By Al Doyle for CoinWeek …..

Here’s some advice that applies to many collectors:
“Stop buying so many coins.”

Is telling numismatists to avoid adding to their holdings no different than ordering cats to stop chasing mice? Many coin enthusiasts cheerfully joke about needing to satisfy their “addiction” on a regular basis, so why would they take a break from something that brings so much satisfaction?

We’re not telling anyone to reduce or quit their involvement in the field. What often needs to be done is a small shift in spending habits. It’s way too common for collectors who are willing to drop hundreds or even thousands of dollars on a single coin to balk when it comes to spending $15 to $75 apiece for numismatic books and other items that would increase their knowledge. The old saying “Buy the book before the coin” is just as wise and sensible in the hyperactive and wireless 21st century as it was in the past.

So what does a person get in exchange for diverting funds from metal to bound paper, CDs and DVDs? Knowledge and the kind of information that leads to more intelligent and satisfying experiences with coins.

If there is one universal text in numismatics, it would be A Guide Book of United States Coins, commonly known as the Red Book for its colorful cover. Published annually, the Red Book provides a great deal of information from coin history to estimated currrent values for a low and often discounted cover price. Even novices recognize the value of the Red Book, but this handy source of knowledge is just a starting point in the world of numismatic literature.

The Standard Catalog of World Coins series provides the same kind of broad information for coinage (by century) of the 1700s, 1800s, 1900s and the 21st century. The two newest editions are updated annually, and the Standard Catalog for the 20th century (1901 to 2000) is as thick as a New York City phone book in the pre-cellphone era.

If you have even a bit of interest in coinage beyond American issues, this reference series is must reading as well as being a motivator to begin exploring world coins from low-value copper to rare gold. Various editions of the Standard Catalog are often found in libraries, so it won’t cost anything to have access to a treasure trove of information.

There are hundreds of books for those who are seriously interested in a specific series or period in history. If you’re hooked on Morgan dollars, the Comprehensive Catalog of Morgan and Peace Dollars by George Mallis and Leroy Van Allen – universally referred to as “the VAM book” for its hundreds of varieties – is a must. Reprints of Penny Whimsy by Dr. William Sheldon and United States Copper Cents 1816-1857 by Howard R. Newcomb are recognized as great numismatic literature.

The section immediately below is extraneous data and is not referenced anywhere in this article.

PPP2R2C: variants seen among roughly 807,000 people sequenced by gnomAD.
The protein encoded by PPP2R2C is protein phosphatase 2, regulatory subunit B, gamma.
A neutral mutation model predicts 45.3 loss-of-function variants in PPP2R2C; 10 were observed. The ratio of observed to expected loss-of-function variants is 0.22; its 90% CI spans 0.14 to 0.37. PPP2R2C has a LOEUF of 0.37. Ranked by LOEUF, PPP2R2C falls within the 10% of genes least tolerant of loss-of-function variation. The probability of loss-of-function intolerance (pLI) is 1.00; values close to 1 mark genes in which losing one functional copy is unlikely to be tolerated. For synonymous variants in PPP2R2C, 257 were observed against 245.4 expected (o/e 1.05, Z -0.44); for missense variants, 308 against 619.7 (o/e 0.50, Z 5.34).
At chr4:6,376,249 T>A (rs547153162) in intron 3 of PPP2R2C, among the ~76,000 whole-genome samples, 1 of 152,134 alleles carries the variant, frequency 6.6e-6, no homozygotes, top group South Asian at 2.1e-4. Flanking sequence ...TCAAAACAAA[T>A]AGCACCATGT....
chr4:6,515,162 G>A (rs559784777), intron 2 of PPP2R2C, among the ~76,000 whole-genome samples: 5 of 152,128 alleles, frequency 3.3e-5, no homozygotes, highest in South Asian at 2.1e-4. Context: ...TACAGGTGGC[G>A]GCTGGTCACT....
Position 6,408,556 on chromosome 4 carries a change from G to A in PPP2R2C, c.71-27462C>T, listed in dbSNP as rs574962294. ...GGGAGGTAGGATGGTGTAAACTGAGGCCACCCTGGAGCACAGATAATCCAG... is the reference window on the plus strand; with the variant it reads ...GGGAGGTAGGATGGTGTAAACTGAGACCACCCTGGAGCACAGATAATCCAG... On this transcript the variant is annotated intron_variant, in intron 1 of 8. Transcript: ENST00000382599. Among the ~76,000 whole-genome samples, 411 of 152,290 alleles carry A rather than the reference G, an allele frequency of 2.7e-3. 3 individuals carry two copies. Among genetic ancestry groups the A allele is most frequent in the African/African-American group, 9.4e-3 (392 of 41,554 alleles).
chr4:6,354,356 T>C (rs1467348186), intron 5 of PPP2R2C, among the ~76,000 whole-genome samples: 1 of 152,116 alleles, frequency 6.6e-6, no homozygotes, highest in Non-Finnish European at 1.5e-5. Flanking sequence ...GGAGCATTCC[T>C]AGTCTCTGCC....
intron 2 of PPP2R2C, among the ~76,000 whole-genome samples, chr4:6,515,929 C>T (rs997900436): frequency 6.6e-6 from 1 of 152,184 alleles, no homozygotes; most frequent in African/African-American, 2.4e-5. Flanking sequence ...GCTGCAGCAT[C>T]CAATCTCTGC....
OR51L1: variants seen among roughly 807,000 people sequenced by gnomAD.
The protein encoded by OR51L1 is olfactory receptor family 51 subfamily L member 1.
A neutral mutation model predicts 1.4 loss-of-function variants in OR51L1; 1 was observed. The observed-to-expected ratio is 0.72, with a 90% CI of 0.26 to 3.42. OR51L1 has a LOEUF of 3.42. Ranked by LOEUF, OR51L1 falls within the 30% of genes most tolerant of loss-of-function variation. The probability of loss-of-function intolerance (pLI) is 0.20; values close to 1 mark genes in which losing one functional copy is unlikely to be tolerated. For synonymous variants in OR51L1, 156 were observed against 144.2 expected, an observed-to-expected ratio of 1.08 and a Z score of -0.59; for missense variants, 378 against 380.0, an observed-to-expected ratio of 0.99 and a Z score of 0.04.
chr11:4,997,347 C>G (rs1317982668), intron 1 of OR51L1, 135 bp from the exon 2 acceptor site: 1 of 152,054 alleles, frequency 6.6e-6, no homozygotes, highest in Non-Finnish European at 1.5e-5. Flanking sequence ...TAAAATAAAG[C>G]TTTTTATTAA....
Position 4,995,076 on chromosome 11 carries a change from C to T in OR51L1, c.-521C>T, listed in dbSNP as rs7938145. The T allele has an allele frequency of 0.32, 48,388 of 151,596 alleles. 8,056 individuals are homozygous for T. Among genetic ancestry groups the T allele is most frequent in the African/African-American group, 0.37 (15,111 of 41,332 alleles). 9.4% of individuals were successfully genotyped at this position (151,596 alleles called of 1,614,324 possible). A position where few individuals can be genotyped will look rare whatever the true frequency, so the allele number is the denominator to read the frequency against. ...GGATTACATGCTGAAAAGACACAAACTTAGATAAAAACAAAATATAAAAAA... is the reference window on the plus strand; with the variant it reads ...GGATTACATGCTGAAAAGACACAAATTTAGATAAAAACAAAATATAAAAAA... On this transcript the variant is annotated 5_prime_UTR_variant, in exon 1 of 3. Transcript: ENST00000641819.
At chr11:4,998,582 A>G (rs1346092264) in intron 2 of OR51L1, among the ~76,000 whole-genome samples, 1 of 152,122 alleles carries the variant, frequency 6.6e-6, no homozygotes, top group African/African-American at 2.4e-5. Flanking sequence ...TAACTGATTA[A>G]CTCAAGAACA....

Organizations such as the Liberty Seated Collectors Club, Early American Coppers and Society of Paper Money Collectors publish journals that contain the sort of detailed information and in-depth research sought by dedicated collectors. A nugget of insight could turn out to be worth far more than the modest price of an annual membership.

Getting back to books, titles covering various U.S. gold series to Colonial copper, Confederate currency, Indian Head cents, Barber dimes, world crowns, hobo nickels, the economics of the Republic of Texas and just about anything else that was used as a medium of exchange can be obtained from coin shops, numismatic literature dealers,, eBay or other sources. Can’t attend the American Numismatic Association’s summer convention? Get the highlights and interviews on CD.

Since coin and currency-related books tend to be aimed at a small audience, many are self-published or sold in modest numbers. That could mean some digging for out of print copies. Larger shows often have a selection of numismatic books and related material. The best find at a show can often be a scarce book rather than a coin, as the information can lead to many good buys in the future.

ANA membership is an excellent value for the dedicated reader. For as little as $18, a person can have access to the vast resources of the association’s library. The cost of postage provides access to books that may be too expensive to purchase or unobtainable from other sources.

Diverting the funds needed to buy a coin or two towards numismatic literature might seem like a short-term hardship, but the rewards of becoming a more intelligent collector are well worth the money spent. Get smart – and keep getting smarter – with the right information.

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  1. Walter Breen’s Complete Encyclopedia of U.S. Coins is one of the best investments I ever made. If you are a serious collector, this book should absolutely be part of your library.


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